Monday, June 20, 2011

Beware my suckage...Green Lantern bites!

I tried not to be disappointed, but I was.  Now, as for a bit of background, I only got into Green Lantern a few years ago with the Sinestro Corps saga.  I have kept up with the series to present day, and I ended up going back a couple more years with the GL/GL Corps books to catch up on what had happened since the reboot.  I found myself liking the comic more and more.  While I'm rather disappointed with Brightest Day and where the stories have gone (much like my issues with all Marvel/DC books in the recent year), the characters remained fun for me to read about.  Here in a nutshell were my issues:

1) Leading mananoma. I am going to state that I marginally tolerate Ryan Reynolds. While he did a good bit with Deadpool in the Wolverine movie, the absolute shit-tastic way they changed him in the ending (taking away the mouth, Cyclops eyes, sword arms and bamfing) ruined the entire character. From Van Wilder to Blade III to whatever, he always seems on the verge of trying to get a laugh out of an impromptu public fart, so in a sense they should simply have kept him in the Wade Wilson mode and chosen ANYONE else (cough Nathan Fillion cough) to play Hal Jordan.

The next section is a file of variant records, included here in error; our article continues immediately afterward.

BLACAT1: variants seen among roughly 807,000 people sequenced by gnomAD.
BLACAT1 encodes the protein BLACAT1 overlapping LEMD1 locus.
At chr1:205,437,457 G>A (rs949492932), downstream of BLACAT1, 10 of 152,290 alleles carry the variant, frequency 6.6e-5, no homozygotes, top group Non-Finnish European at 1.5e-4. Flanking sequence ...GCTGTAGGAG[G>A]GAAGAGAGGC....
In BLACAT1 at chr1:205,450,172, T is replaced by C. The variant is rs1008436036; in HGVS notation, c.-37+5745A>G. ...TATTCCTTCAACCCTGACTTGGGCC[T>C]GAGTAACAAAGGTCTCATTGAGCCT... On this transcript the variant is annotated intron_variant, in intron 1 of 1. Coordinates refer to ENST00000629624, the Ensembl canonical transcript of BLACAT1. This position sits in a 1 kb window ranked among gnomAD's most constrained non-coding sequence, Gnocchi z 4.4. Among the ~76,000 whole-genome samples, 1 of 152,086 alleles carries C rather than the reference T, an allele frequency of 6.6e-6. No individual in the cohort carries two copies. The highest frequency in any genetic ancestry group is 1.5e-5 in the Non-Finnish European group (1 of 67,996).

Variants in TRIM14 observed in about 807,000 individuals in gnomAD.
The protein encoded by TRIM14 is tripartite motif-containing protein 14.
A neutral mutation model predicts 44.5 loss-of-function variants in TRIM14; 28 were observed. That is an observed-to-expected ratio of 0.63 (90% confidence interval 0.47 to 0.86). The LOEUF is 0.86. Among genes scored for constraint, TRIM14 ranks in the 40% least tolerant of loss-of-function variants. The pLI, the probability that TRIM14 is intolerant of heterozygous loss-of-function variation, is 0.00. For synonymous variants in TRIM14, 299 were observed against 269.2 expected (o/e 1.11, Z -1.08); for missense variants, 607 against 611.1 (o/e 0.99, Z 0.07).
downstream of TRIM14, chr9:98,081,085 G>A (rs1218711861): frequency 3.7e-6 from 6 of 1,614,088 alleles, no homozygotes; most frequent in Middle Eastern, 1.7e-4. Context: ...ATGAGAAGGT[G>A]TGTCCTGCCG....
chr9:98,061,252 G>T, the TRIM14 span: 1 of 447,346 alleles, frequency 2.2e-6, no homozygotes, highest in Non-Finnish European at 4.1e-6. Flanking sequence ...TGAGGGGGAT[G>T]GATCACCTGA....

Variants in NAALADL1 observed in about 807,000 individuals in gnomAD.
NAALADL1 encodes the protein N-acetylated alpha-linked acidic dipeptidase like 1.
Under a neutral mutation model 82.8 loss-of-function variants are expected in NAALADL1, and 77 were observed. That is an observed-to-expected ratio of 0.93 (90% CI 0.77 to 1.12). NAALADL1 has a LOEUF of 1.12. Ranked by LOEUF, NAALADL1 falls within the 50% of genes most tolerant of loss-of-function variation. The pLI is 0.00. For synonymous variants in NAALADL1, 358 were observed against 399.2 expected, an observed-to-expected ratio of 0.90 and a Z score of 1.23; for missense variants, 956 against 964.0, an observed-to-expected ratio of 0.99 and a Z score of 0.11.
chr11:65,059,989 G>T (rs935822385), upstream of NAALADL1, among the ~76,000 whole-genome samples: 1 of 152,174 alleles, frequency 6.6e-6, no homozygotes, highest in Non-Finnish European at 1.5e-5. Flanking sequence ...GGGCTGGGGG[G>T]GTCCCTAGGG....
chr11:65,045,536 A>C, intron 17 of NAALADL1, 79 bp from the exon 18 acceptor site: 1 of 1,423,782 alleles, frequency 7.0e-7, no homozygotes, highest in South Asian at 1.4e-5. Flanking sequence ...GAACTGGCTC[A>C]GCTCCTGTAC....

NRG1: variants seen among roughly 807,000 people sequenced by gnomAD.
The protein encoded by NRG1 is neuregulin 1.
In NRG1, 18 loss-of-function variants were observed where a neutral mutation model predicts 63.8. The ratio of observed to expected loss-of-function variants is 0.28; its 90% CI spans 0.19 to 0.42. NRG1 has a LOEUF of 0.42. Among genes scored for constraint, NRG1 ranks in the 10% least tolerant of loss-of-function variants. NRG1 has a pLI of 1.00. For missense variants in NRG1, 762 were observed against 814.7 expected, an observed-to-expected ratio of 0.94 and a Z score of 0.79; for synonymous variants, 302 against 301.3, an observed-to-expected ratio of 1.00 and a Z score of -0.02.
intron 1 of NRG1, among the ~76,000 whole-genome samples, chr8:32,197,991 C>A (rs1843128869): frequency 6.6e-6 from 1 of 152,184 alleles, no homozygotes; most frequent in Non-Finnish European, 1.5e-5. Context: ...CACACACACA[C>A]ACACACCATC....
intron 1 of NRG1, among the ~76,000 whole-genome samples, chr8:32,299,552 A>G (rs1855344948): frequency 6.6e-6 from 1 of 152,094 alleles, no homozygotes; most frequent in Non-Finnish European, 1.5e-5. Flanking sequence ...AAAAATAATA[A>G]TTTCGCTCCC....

2) Too much Carol Ferris. Hot chicks who can't act with the main lead ruin these films. There was a huge Anakin/Padme "sand speech" feel to every scene they had together. Can we also get some more Tim Robbins in there since he's a Big Name Star? Angela Bassett needed to be in a fat suit because Amanda Walker was HUGE. If they're going to put Hal's lover in the flick, at least give a nod to the Star Sapphire embodiment in the comics.